Eight is very problematic.  All humans lost the possibility of Heaven and were tainted with the Fall, independent of their own actions, and without regard to their will or preferences.  It seems a violation of symmetry that the only humans that reap the benefits of Christ’s payment of Adam’s debt are those who accept it.  I guess you could say it’s as if I freely chose not to be included in a class-action lawsuit.  However, it seems somehow grossly unjust that all humanity became estranged from God through no fault of their own, but are responsible for accepting the payment of a debt they didn’t incur themselves and might not even be aware of, lest they be eternally lost.  Certainly it seems unjust in the case of those who lived before Christ or who otherwise had no way of knowing him.

Having looked at all of these issues, it’s quite possible that I’ve erred here or there at places, and that people of good will might disagree on some points.  However, overall, there seem to be so many issue, problems, and questionable assertions in the Penal Substitution model that it seems best to me that we jettison it  altogether.  There may be some concepts that might be reusable in a different context; but I think Penal Substitution, as a valid way of viewing the Atonement is not going to work.  We’ll look at some ideas that may lead us to a more viable model in the near future.

Part of the series Legends of the Fall.

Posted on 07/01/2014, in Bible, Christianity, philosophy, religion and tagged , , , , , , , , , . Bookmark the permalink. 5 Comments.

  1. If you haven’t already read it, Fr. Kimel recently posted David Bentley Hart’s essay (“A Gift Exceeding Every Debt”) on the reconcilation of substition with Athanasius in a charitable reading (are you including Anselm with Calvin when you say “penal” as if the extrinsic punishment eclipsed the internal imperfection?) might help.

    If we dropped the “guilt” clause (granting this would no longer be penal substitution), which the Catholic Church has rejected (and, to my knowledge, most of the Eastern Fathers and Pelagius rejected as well), then Original Sin is first and foremost a consequence of natural death. Since human beings as created, limited creatures naturally tend towards dissolution, then we in no sense “merit” the supernatural grace to beatific existence made possible through the Word. Indeed, Adam himself – as Augustine said in his Literal Interpretation of Genesis – was naturally subject to death; as you said in your Tolkein posts, we learned to fear death in our alienation from God as death is no longer the ease into the arms of God but full of fear. Of course, “Sister Bodily Death” in herself is not wicked in the strict sense.

    Anselm’s real conundrum (besides the fact Man owes the Devil nothing; the Devil owes God everything) is why God simply couldn’t forgive Adam on the spot following the fall from the possibility of union with the Word (symbolized by being taken out of the Garden and access to the Tree of Life which made gods of men). He is stuck by saying God possesses “honor” in the sense God cannot go back on His commands that Man will die, fall into natural dissolution and be voided of the possibility of supernatural grace. Thus humankind only inherits the natural human condition and thus God is not responsible in the strict sense for making the offer of beatific immortality to all. Of course, neither does this merit Hell like Augustine might say, but that’s not relevant to this – I think. Athanasius himself wrestles with this in the “On the Incarnation” and concludes also God cannot go back on His word – and then also concludes “corruption” (as he terms it) precludes this. He doesn’t really explain what he means by any satisfaction of mine. He attempts to suggest that civilization is so radically corrupted, possibly through supernatural agencies like in Genesis 6, that any change on God’s part would only be extrinsic and not addressing the real intrinsic condition, but then that seems to imply collective guilt or active evil in that all would be apriori resistant to grace.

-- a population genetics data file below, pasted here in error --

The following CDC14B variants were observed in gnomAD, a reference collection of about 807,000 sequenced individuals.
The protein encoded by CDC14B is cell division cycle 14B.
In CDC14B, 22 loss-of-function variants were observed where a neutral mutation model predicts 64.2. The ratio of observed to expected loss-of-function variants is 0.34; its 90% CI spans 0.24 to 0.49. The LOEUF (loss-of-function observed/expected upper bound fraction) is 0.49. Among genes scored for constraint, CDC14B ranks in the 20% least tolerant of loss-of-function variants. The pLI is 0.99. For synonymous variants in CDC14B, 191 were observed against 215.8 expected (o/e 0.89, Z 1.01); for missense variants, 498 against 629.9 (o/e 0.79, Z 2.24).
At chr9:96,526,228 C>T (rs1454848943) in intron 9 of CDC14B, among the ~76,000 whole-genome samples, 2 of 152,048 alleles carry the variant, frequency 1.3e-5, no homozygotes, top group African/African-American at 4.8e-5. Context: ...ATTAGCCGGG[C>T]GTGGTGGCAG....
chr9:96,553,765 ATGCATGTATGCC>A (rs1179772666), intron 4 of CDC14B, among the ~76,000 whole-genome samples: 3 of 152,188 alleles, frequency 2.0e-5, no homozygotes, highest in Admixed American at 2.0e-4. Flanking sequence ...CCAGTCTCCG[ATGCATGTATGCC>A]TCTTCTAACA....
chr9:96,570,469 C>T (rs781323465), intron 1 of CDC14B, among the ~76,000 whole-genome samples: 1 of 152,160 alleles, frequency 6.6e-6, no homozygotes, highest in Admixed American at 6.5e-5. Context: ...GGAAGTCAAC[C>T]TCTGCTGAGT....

Nevertheless, one could say we have a debt only in the loose sense that we cannot merit something which we originally did not have or have a right to as mortal, contingent creatures. At the same time, maybe debt is the wrong word as that implies penalty which implies moral responsibility which we don’t have.

    I guess I’m trying to say that “guilt” language in the sense of monetary deficit if aligned more closely with the language of Christus Victor theory.

    • Thanks for the heads-up re Fr. Kimel and the Hart essay–I’ll have a look. I certainly need to go to the source and read Athanasius on this. As to my title, I had Anselm more in mind–I admit I was a little loose in my language here.

      The book Debt: The First 5000 Years is mainly about economics, but it makes some fascinating points in showing how the language of debt enters religious thought in the 2nd Millennium BC and has profound effects on how sin, guilt, retribution, and morality are construed. The very word “redeem”, which has more religious overtones than nearly any other word in Christianity literally means “to buy back”.

      As to why God couldn’t just have forgiven Adam on the spot, I don’t really claim to have an answer, either. I tend to find many of the traditional arguments to this effect rather fishy; but this is something I need to mull over for a bit. It’s probably not answerable at all, but there are probably some directions that are more fruitful than others.

      Anyway, many thanks for the thoughtful comment!

  1. Pingback: Legends of the Fall: Index | The Chequer-board of Nights and Days

  2. Pingback: The Atonement: Index | The Chequer-board of Nights and Days

  3. Pingback: Arguments Against Universalism: Justice Must Be Served, Part 2–Just Desserts | The Chequer-board of Nights and Days